What does fact checked mean?
At Healthfully, we strive to deliver objective content that is accurate and up-to-date. Our team periodically reviews articles in order to ensure content quality. The sources cited below consist of evidence from peer-reviewed journals, prominent medical organizations, academic associations, and government data.
The information contained on this site is for informational purposes only, and should not be used as a substitute for the advice of a professional health care provider. Please check with the appropriate physician regarding health questions and concerns. Although we strive to deliver accurate and up-to-date information, no guarantee to that effect is made.
A cortical stroke occurs when the blood supply to the outside, or cortex, of the brain is reduced or blocked, which results in brain damage. The National Institute of Neurological Disorders and Strokes states that the cortex is the main processing center of the brain, which processes movement, sensation and language. According to MayoClinic.com, major risk factors of developing a cortical stroke include high blood pressure, smoking and high cholesterol 1. Patients who have suffered a cortical stroke, as well as their caregivers, should be aware of the lasting symptoms and seek help in managing them.
If you are experiencing serious medical symptoms, seek emergency treatment immediately.
A lasting symptom of a cortical stoke may be permanent sensory loss, states MedlinePlus 2. This occurs because a stroke may damage the part of the cortex that processes sensory information from other parts of the body. In addition, a stroke on one side of the cortex may lead to permanent sensory loss on the opposite side of the body. Although early treatment may reduce the severity of sensory loss, a patient with a stroke may experience numbness for the rest of his life, depending on the extent of brain damage.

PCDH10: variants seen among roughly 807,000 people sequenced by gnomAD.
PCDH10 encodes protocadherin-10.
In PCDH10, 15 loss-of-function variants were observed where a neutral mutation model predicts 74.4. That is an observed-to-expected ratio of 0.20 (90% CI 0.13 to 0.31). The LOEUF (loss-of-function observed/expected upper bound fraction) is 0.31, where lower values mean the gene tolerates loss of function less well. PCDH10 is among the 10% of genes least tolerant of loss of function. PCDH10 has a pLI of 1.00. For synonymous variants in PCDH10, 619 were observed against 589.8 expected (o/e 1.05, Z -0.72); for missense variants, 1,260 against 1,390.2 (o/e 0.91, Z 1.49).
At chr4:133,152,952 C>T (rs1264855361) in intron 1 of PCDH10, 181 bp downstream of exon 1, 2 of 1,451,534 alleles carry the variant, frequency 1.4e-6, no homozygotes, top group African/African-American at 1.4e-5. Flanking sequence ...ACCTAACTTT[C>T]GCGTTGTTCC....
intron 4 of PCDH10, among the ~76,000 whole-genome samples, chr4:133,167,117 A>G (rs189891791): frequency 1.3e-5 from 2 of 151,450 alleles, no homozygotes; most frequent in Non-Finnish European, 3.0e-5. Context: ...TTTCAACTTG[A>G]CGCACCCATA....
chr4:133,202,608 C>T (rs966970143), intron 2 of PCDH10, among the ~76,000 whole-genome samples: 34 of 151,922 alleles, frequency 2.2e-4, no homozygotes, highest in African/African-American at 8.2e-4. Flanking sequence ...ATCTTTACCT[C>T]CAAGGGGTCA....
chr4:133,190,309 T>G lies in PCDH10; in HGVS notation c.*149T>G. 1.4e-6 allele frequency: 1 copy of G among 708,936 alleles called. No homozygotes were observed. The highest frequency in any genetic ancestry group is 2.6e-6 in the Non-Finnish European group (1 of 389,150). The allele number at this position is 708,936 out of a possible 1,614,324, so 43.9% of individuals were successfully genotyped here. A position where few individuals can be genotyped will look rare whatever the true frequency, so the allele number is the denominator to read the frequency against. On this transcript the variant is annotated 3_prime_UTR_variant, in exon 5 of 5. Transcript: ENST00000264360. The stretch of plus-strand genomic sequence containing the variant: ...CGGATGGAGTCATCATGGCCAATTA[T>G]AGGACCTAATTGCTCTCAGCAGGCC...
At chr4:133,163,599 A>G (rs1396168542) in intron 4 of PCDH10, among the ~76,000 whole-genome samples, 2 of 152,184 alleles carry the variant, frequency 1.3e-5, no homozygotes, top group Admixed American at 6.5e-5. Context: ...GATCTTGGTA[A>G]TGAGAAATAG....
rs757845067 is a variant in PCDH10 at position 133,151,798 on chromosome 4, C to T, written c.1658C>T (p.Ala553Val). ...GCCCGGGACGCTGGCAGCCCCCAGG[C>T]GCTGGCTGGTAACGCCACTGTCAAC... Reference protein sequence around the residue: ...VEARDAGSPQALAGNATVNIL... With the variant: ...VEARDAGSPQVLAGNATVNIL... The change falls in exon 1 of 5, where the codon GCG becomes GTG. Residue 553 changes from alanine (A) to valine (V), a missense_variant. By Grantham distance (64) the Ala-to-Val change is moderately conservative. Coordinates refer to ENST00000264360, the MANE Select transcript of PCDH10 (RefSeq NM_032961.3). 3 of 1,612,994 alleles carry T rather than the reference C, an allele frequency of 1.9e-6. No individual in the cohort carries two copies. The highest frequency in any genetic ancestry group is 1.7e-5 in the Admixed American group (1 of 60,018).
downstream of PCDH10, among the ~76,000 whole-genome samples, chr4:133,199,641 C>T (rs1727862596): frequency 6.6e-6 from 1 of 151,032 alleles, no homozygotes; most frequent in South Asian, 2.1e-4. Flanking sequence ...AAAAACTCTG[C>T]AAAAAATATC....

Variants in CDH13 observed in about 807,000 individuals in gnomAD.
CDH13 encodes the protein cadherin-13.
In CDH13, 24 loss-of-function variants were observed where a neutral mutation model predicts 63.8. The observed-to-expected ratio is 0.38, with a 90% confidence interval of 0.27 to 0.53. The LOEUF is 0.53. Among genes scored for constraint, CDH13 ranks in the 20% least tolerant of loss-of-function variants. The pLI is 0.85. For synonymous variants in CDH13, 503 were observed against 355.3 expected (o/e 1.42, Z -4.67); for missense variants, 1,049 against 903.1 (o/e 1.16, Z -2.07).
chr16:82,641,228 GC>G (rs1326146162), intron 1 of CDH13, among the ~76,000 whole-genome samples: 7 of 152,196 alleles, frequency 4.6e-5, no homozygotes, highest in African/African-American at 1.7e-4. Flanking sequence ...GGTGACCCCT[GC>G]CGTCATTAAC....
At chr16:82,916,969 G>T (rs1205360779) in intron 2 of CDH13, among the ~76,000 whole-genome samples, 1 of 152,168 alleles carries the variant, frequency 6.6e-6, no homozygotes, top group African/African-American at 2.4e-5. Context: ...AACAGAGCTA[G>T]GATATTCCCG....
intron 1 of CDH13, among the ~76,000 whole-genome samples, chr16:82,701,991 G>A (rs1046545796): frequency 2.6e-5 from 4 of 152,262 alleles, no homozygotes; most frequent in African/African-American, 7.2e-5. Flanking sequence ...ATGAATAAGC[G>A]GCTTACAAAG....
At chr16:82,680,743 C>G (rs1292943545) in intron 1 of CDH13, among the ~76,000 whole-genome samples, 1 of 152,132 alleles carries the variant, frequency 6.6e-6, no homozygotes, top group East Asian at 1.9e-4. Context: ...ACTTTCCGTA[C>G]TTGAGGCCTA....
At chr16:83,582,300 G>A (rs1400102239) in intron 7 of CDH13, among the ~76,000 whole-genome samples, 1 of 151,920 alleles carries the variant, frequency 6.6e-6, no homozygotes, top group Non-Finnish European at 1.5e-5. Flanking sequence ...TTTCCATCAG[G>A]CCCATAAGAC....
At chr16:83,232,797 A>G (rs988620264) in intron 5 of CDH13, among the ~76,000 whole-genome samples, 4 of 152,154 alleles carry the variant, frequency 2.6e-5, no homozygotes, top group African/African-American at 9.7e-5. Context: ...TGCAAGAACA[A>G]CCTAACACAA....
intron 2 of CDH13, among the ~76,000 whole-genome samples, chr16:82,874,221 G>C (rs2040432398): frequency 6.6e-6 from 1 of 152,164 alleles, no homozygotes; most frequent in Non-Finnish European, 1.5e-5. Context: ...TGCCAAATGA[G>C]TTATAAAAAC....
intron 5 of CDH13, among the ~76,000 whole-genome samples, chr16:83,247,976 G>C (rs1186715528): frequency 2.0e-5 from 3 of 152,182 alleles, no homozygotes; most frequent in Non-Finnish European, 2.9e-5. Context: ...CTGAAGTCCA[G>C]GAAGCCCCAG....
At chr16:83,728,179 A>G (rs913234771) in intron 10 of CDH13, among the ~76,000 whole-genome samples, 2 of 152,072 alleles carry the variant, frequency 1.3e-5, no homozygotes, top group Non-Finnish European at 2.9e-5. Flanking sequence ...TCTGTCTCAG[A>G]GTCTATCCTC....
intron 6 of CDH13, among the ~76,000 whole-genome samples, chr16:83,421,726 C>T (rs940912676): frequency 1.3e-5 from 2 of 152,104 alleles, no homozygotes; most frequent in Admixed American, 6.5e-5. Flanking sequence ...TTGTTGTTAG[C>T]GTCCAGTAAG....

- A lasting symptom of a cortical stoke may be permanent sensory loss, states MedlinePlus 2.
- In addition, a stroke on one side of the cortex may lead to permanent sensory loss on the opposite side of the body.
Parts of the Brain Affected by Alzheimer's
MedlinePlus states that a patient with a cortical stroke may have lifelong difficulty communicating 2. Depending on the part of the brain that was affected, a patient may experience difficulty understanding, difficulty organizing thoughts, difficulty expressing thoughts, or difficulty with speech. Thus, rehabilitation with a speech therapist is necessary for a patient who is having ongoing difficulty communicating. A speech therapist can help the patient better understand information and express thoughts over time. Furthermore, the patient’s caregivers and family must understand his limitations and make the necessary adaptations to increase communication between the patient and the surrounding environment.
- MedlinePlus states that a patient with a cortical stroke may have lifelong difficulty communicating 2.
- Thus, rehabilitation with a speech therapist is necessary for a patient who is having ongoing difficulty communicating.
Loss of Mobility
A patient with a cortical stroke may lose his ability to walk, states MedlinePlus 2. This lasting complication typically occurs if the part of the cortex affected by the stroke is responsible for motor movements or muscle movements that involve the legs. Furthermore, parts of the brain that are responsible for balance and coordination may be affected. Early physical rehabilitation can re-teach balance and coordination and help a patient regain muscle strength to increase mobility. At times, however, brain damage is too extensive to allow a patient to fully recover. Thus, a wheelchair or other assistive walking device may be necessary to improve a cortical stroke patient’s mobility.
- A patient with a cortical stroke may lose his ability to walk, states MedlinePlus 2.
- Thus, a wheelchair or other assistive walking device may be necessary to improve a cortical stroke patient’s mobility.
Parts of the Brain Affected by Alzheimer's
Smell & Signs of a Stroke
The Effects of a Left Sided Stroke
Frontal Lobe Stroke Symptoms
Middle Cerebral Artery Symptoms of Stroke
What Effect Does a Thalamic Stroke Have on the Brain?
Common Side Effects After a Stroke
Frontotemporal Dementia Stages
Causes of Temporary Leg Paralysis
The Effects of a Right Hemisphere Stroke
- koya79/iStock/Getty Images